James Watt and the University of Glasgow

JW and timeline

James Watt (Extracted from: The University of Glasgow Story http://universitystory.gla.ac.uk/)

James Watt (1736-1819) is a famous engineer who worked from 1756 to 1764 as mathematical instrument maker to the University. Two Engineering chairs, a building and a prize are currently named for him.

Born in Greenock, Watt trained in Glasgow and London to become a mathematical instrument maker. In 1756 the University employed him as an instrument maker, providing him with lodgings and a workshop. One of his first jobs was to unpack and restore the late Alexander Macfarlane's collection of astronomical instruments, which had been shipped from Jamaica and which were later installed in the University's Observatory. He went on to manufacture a range of items for the Professor of Practice of Medicine, Joseph Black, that included an organ and a perspective machine.

In 1759 Watt went into business in partnership with John Craig, manufacturing quadrants, microscopes and other optical instruments in a workshop in the Saltmarket and later in Trongate. In 1763 he became a shareholder in the famous Delftfield Pottery Co. He also worked as a civil engineer, producing surveys which included those in connection with the widening of the River Clyde and the construction of the Forth and Clyde and the Caledonian Canals.

Watt had become interested in the design of steam engines about the time he formed his business partnership with Craig, but did not have the time or the inclination to pursue his research. In 1763, however, the Professor of Natural Philosophy John Anderson presented him with a model Newcomen steam engine in need of repair. Watt's mind turned to ways of improving the engine and in 1765, famously while strolling on Glasgow Green, he devised a separate condenser which would improve efficiency and permit enormous savings in fuel.

Watt spent the following years developing his invention and working as a consultant civil engineer in Scotland, before moving to Birmingham in 1774 to form a partnership with the industrialist Matthew Boulton (1728-1809) at his Soho Foundry. He continued to be a technological innovator throughout the remainder of his working life.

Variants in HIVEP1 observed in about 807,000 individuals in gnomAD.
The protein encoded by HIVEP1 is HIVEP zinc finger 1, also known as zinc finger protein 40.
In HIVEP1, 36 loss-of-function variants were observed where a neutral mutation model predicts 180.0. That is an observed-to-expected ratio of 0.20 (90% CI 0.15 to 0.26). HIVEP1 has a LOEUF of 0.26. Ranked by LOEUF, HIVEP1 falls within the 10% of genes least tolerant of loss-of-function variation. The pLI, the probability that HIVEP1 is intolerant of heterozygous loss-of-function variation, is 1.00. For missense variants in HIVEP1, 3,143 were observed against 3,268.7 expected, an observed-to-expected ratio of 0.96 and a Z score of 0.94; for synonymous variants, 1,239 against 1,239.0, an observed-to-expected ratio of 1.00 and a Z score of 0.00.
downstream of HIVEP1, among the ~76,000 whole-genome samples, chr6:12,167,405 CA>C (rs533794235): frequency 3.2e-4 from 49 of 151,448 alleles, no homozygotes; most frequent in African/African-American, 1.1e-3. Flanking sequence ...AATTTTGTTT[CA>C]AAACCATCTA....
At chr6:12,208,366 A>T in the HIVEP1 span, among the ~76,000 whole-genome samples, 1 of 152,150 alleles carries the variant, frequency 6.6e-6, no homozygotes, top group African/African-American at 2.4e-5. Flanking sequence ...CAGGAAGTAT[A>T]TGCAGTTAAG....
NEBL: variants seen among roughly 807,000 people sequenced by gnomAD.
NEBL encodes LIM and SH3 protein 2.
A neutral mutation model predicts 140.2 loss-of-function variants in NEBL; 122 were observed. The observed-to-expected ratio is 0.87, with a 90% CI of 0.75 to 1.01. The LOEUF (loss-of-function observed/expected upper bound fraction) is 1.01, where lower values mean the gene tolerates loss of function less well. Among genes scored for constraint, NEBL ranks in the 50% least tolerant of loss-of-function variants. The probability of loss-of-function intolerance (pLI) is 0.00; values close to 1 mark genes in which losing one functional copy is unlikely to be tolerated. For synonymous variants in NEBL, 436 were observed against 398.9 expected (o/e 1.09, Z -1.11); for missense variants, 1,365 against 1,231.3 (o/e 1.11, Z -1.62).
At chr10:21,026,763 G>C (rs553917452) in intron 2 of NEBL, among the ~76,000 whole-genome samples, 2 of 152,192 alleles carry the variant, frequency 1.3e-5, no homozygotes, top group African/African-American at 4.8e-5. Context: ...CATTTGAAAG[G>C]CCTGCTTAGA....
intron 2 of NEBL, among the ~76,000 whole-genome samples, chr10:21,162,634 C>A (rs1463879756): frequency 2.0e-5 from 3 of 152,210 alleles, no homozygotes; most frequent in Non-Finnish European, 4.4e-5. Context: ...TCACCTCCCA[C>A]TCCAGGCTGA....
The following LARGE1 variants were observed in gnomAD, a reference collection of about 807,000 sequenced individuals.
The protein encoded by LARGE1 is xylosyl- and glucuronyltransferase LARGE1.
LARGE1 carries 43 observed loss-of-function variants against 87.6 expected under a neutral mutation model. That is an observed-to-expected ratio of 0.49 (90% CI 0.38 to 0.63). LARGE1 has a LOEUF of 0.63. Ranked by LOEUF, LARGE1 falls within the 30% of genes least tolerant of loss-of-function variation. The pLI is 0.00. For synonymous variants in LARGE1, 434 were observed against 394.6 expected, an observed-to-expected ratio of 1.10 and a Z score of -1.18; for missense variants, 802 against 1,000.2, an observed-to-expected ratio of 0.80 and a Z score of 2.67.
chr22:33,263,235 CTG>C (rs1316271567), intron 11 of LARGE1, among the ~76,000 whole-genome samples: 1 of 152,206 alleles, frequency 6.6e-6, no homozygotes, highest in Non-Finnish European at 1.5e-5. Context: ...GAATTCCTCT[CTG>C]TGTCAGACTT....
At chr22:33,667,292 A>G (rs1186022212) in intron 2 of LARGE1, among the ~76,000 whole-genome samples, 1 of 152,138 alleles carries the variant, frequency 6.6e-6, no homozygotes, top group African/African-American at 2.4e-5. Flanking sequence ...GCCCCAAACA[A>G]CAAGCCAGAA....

University of Glasgow James Watt School of Engineering

The name of James Watt is recognised worldwide as one of the most influential figures in the industrial revolution. Put simply he made the steam engine both useful and powerful for a whole range of industrial applications and, in so doing, ignited the spark of industrialisation. His name has immense recognition worldwide, particularly in cultures where Engineering is recognised as a prestigious profession, such as in Asia and the Far East. He is also recognized today for the adoption of the name “Watt” for the SI unit of power.

The University has always taken seriously its association with Watt and has worked hard to keep his spirit alive on campus through, for example, the naming of a building and the role of the James Watt Chairs. Previous holders of that role include Professor John Lamb, who pioneered optoelectronics and integrated optics research which helped underpin modern electrical and electronics engineering and today underpins much of quantum technology, Professor Chris Wilkinson, who pioneered nanotechnology fabrication and bioelectronics at the University and Professor Robert Silver, who invented the Multistage Flash (MSF) Distillation System to desalinate seawater.

The Enlightenment’s celebration of human progress, reason and scientific knowledge developed in countries that held people in slavery, and in the mid-eighteenth century very few people in Scotland challenged slavery and there was not yet an organized abolition movement. James Watt and his family were no different, and they made much of their money through trade in goods produced by enslaved people (such as sugar, rum and cotton from Antigua and other Caribbean islands), and in sending manufactured goods from Britain to plantation and slave owners. In 1762 James Watt himself was involved in the trafficking of an enslaved boy named Frederick from the Caribbean to his new Scottish master. However, between then and the end of the eighteenth century many Enlightenment figures began to question and then condemn the Atlantic slave trade and slavery itself, and Watt appears to have been one of them. By 1791 he was refusing to deal with at least some Caribbean slave owners, writing “We sincerely condole with the unhappy sufferers, though we heartily pray that the system of slavery so disgraceful to humanity were abolished by prudent though progressive measures.

The School of Engineering has, throughout its history, aligned itself to the innovative spirit of Watt through its research, its teaching and its professional leadership such as being the first School of Engineering in the UK, offering the first degree in Engineering in the UK and hosting the first Chair of Engineering in the UK.